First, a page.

Consequently, the food tour couldn’t have been better timed. Our guide was from Dopios, a well-run and staffed specialist tour operator, with local guides who will show visitors the spots that are hidden from most. Franco-Grecian Tina Kyriakis was our indefatigable guide through the many flavours of the city, and by the time we had sampled pastries, yoghurts, olives, retsina and feta, I was questioning the rationale behind my choice to live in Central Europe, with its goulash, pork and dumplings.
In fact, I have never seen more types of olive oil for sale in one place than at Pantopoleio Mesogiakis Diatrofis. It has a lovely little tasting room out back, of which we took full advantage. Carnivores weren’t left out: we stopped in at one of the most visually arresting delicatessens I’ve ever seen, The Miran, which has been around since 1922. As an added touch, the vegetables sold inside The Miran are grown on a vertical garden suspended above its entrance: quite spectacular and innovative.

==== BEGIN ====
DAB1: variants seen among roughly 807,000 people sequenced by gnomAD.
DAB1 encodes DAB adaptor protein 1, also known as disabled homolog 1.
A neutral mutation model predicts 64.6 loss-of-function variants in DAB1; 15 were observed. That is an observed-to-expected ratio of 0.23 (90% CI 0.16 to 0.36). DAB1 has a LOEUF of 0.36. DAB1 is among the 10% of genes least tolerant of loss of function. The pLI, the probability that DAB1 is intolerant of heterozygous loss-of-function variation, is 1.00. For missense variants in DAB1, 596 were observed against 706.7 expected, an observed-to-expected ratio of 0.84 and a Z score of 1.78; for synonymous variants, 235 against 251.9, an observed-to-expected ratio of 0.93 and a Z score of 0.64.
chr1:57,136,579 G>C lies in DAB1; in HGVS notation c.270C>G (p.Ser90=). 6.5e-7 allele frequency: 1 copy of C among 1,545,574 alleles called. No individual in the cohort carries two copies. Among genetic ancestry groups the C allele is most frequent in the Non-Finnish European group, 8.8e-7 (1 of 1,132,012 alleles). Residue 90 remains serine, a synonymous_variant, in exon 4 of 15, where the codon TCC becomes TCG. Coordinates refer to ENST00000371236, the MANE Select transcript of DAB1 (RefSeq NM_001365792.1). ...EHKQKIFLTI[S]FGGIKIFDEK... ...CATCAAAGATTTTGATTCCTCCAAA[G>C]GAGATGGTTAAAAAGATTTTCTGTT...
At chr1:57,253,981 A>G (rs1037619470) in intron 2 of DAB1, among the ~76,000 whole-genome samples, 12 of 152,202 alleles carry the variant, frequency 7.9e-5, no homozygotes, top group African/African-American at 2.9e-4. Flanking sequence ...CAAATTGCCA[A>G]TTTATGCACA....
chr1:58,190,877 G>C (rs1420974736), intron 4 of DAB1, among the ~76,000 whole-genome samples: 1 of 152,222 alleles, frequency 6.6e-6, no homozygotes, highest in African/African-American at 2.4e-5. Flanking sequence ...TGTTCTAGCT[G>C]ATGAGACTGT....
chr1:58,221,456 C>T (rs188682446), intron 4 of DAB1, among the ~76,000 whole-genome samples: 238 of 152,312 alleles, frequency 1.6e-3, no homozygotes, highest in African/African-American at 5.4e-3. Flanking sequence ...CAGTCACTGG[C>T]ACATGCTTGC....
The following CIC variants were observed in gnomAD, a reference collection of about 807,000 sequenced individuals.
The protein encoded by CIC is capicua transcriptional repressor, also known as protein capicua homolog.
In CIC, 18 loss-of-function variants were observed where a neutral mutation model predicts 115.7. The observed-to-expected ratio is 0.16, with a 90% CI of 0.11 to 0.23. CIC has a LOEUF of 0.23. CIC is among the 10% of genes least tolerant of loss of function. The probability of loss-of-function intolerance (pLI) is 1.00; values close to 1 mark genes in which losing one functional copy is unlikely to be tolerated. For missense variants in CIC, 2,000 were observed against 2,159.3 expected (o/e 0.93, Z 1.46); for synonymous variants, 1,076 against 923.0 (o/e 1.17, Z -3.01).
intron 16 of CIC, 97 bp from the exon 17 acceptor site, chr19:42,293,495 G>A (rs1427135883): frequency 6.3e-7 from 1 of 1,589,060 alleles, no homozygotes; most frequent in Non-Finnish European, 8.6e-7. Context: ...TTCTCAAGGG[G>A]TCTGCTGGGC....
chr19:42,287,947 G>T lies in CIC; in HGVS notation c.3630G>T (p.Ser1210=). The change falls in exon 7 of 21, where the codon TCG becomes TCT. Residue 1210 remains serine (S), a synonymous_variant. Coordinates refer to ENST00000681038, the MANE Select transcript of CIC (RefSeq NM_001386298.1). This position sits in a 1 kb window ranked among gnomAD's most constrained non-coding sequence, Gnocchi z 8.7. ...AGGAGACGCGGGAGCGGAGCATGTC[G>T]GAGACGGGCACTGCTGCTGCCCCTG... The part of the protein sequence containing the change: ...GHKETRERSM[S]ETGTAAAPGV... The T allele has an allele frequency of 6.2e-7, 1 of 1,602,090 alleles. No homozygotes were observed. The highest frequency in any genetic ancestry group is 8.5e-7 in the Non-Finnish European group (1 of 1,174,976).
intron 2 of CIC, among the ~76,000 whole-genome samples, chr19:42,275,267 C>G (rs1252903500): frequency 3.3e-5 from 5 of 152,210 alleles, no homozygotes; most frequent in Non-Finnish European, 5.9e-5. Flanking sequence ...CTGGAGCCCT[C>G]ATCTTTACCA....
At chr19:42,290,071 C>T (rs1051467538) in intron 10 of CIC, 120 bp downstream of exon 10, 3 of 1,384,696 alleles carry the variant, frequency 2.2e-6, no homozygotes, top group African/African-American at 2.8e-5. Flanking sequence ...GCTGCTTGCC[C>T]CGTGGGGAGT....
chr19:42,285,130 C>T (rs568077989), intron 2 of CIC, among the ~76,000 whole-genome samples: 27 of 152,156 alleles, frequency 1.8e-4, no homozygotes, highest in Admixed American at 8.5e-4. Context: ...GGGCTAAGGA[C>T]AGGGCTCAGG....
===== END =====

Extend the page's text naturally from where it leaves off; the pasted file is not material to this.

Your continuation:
After food comes shopping. Elina Yiannoulopoulou transmitted her enthusiasm and excitement about local designers to us, taking our group to the showroom of one handbag designer who had moved back to Athens and opened shop in the midst of the recession. Time and again I heard such stories, to the point where one has to be impressed by Greek resilience. We also admired the jewellery and silverware at Ilias Lalaounis, famous jewellers who have a museum in Athens and stores in New York, Geneva and Tokyo.
Elina was a first class guide to the world of Athenian fashion and materialism, but she was also very knowledgeable about her native city. For example, when we passed by a tiny church, incongruous among the high-rise buildings around it, she casually remarked that it was from the 16th century, and that it had been home to many exorcisms.